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Sunday, September 6, 2009

Scottish Bagpipes and Dancing - Part 2

Early history of the Bagpipes
In fact, the earliest recorded reference to bagpipes is on a Hittite slab from Asia Minor which has been dated to 1000 BC while by the 1st century AD, bagpipes existed in many countries from India to Spain and from France to Egypt. It's also clear that bagpipes were popular throughout the rest of the British isles prior to their documented appearance north of the border. When, and how, they did first appear in Scotland is a hotly contested topic with competing theories claiming they were either a Roman import or that the instrument came from Ireland.

Little drummer boy.
Components and styles of pipe
In whichever country it developed, the basic bagpipe comprised the same elements: a bag with a chanter (on which the melody was played) and one or more drones (pipes which play a continuous note).
Some examples were mouth-blown while others used a bellows attachment to supply the air to the bag. The bag provided a sustained tone while the musician took a breath and allowed several tones to be played at once.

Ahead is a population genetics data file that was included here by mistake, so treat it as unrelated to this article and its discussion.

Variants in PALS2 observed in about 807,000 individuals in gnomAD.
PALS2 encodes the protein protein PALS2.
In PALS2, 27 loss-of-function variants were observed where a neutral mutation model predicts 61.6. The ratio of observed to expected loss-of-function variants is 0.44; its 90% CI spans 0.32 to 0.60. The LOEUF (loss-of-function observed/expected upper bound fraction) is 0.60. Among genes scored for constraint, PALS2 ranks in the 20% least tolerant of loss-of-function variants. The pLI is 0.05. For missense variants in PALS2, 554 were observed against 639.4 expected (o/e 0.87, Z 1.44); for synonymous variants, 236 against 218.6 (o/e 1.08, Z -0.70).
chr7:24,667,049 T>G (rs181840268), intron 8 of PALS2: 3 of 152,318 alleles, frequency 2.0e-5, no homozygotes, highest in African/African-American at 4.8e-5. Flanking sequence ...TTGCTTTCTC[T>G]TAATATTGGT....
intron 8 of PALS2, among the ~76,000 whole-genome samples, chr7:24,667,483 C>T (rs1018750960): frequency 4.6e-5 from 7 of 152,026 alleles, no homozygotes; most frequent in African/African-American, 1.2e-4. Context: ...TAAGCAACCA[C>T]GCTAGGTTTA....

A Scotchman with a cowboy hat?? What next?
Sporrans come in a very wide range of styles, from simple leather sporrans to those with fur fronts or fur-trimmed and faced with silver or some other metal. Often, the kilt wearer will chose a type of sporran depending on the occasion, with the more elaborate ones being considered suitable for evening wear and the others for casual or all-purpose wear.
Old Mister Sourpuss himself.
The original Scottish pipes probably had, at the most, a single drone. The second drone was added to the pipes in the mid to late 1500s while the third, or great drone, came into use early in the 1700s.
This little girl did not seem to be enjoying herself.

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